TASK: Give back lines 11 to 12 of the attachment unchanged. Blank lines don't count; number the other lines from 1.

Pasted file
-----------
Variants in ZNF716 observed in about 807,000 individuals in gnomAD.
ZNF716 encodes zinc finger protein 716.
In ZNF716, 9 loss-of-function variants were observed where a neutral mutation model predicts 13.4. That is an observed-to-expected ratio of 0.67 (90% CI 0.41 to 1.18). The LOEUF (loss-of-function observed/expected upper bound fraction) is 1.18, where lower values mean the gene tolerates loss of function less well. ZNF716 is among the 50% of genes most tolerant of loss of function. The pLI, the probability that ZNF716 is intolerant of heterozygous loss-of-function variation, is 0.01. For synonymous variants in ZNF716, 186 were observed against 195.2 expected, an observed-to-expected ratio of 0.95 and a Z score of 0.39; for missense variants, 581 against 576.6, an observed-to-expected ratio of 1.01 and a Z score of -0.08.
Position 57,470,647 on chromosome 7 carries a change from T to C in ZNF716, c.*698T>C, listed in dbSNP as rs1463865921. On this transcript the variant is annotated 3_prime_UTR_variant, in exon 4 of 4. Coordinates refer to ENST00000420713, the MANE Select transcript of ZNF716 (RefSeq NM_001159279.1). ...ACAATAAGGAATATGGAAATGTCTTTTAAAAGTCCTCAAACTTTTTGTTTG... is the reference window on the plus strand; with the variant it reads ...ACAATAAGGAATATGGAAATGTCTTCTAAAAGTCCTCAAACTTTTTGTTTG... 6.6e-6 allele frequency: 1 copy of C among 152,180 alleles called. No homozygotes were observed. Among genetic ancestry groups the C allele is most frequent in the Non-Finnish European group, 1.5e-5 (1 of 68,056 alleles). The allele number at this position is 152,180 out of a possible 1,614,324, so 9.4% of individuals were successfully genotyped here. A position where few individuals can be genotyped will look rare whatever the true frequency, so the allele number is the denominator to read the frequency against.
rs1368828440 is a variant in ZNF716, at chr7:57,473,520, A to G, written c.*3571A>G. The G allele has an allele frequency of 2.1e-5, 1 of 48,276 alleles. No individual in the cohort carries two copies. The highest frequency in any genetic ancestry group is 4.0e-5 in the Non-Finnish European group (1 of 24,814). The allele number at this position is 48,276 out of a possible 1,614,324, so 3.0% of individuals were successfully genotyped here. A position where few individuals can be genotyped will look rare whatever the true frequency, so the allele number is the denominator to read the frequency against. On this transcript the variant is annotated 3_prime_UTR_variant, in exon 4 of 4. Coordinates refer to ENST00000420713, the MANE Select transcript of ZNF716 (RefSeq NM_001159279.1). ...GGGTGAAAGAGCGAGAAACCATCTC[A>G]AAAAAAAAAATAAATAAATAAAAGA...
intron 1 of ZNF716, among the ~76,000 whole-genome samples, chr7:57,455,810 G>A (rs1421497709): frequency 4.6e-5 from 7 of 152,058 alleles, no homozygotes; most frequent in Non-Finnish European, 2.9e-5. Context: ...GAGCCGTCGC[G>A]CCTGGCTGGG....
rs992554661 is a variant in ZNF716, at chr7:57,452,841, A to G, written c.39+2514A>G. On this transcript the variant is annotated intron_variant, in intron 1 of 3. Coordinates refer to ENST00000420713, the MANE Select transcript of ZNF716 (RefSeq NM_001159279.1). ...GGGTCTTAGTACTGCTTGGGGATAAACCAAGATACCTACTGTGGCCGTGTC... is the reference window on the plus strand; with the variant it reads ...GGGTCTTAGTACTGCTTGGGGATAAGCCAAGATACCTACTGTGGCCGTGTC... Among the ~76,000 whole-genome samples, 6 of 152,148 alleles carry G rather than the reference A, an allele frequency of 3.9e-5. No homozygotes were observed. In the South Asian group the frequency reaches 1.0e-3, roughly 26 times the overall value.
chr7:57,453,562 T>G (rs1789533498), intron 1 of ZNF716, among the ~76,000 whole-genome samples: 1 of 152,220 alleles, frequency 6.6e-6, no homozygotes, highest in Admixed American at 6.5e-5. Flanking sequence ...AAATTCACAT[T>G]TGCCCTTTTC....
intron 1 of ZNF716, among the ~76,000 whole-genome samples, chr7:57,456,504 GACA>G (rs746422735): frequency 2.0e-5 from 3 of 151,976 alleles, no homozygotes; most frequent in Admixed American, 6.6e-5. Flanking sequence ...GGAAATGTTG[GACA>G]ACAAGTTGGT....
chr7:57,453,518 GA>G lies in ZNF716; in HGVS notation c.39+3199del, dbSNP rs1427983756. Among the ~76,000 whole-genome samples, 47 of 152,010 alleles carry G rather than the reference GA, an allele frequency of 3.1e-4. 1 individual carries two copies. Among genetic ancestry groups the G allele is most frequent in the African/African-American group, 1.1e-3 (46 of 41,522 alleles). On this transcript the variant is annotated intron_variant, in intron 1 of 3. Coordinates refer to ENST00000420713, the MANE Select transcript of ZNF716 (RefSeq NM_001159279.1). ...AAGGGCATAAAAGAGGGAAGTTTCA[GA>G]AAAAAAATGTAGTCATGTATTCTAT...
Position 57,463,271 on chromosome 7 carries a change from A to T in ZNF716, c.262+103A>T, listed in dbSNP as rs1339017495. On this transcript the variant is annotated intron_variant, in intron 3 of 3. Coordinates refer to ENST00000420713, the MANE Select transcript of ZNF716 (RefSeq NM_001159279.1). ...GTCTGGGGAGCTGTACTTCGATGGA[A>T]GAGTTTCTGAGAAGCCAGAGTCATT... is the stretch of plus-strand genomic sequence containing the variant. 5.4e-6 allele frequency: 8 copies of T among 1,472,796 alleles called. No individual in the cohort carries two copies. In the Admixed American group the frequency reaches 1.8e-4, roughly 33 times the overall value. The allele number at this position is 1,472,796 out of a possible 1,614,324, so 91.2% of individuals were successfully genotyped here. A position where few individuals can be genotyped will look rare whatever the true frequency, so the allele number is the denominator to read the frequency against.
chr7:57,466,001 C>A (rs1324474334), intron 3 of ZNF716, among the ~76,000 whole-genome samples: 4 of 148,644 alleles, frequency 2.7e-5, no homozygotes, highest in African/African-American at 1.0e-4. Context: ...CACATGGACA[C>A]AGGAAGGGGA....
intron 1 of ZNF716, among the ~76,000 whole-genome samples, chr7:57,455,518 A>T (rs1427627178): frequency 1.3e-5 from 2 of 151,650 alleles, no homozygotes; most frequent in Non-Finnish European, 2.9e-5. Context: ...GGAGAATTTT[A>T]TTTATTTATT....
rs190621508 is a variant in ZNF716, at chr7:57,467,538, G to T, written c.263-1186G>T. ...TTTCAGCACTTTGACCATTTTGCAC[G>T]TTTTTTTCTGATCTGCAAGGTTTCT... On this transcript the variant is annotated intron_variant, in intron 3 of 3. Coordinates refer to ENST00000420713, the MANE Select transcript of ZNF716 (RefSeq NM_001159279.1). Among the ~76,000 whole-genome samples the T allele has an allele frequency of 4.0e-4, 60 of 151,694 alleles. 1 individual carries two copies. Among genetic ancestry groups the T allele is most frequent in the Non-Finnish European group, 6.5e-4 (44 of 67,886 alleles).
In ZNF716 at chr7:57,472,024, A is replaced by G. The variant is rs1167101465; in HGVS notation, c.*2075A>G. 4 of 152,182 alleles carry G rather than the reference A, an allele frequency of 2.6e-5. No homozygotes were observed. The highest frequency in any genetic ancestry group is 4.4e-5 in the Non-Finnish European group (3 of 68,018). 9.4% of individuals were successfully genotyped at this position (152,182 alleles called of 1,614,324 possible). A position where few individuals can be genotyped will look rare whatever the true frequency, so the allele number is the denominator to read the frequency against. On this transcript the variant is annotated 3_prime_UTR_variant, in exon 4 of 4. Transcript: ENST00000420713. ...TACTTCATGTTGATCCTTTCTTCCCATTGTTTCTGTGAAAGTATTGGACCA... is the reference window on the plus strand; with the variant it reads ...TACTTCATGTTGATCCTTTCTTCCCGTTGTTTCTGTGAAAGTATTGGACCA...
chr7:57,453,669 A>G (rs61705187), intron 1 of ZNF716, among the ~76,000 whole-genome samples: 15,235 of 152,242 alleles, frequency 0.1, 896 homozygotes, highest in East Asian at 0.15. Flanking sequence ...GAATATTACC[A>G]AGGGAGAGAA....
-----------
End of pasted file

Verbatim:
Position 57,463,271 on chromosome 7 carries a change from A to T in ZNF716, c.262+103A>T, listed in dbSNP as rs1339017495. On this transcript the variant is annotated intron_variant, in intron 3 of 3. Coordinates refer to ENST00000420713, the MANE Select transcript of ZNF716 (RefSeq NM_001159279.1). ...GTCTGGGGAGCTGTACTTCGATGGA[A>T]GAGTTTCTGAGAAGCCAGAGTCATT... is the stretch of plus-strand genomic sequence containing the variant. 5.4e-6 allele frequency: 8 copies of T among 1,472,796 alleles called. No individual in the cohort carries two copies. In the Admixed American group the frequency reaches 1.8e-4, roughly 33 times the overall value. The allele number at this position is 1,472,796 out of a possible 1,614,324, so 91.2% of individuals were successfully genotyped here. A position where few individuals can be genotyped will look rare whatever the true frequency, so the allele number is the denominator to read the frequency against.
chr7:57,466,001 C>A (rs1324474334), intron 3 of ZNF716, among the ~76,000 whole-genome samples: 4 of 148,644 alleles, frequency 2.7e-5, no homozygotes, highest in African/African-American at 1.0e-4. Context: ...CACATGGACA[C>A]AGGAAGGGGA....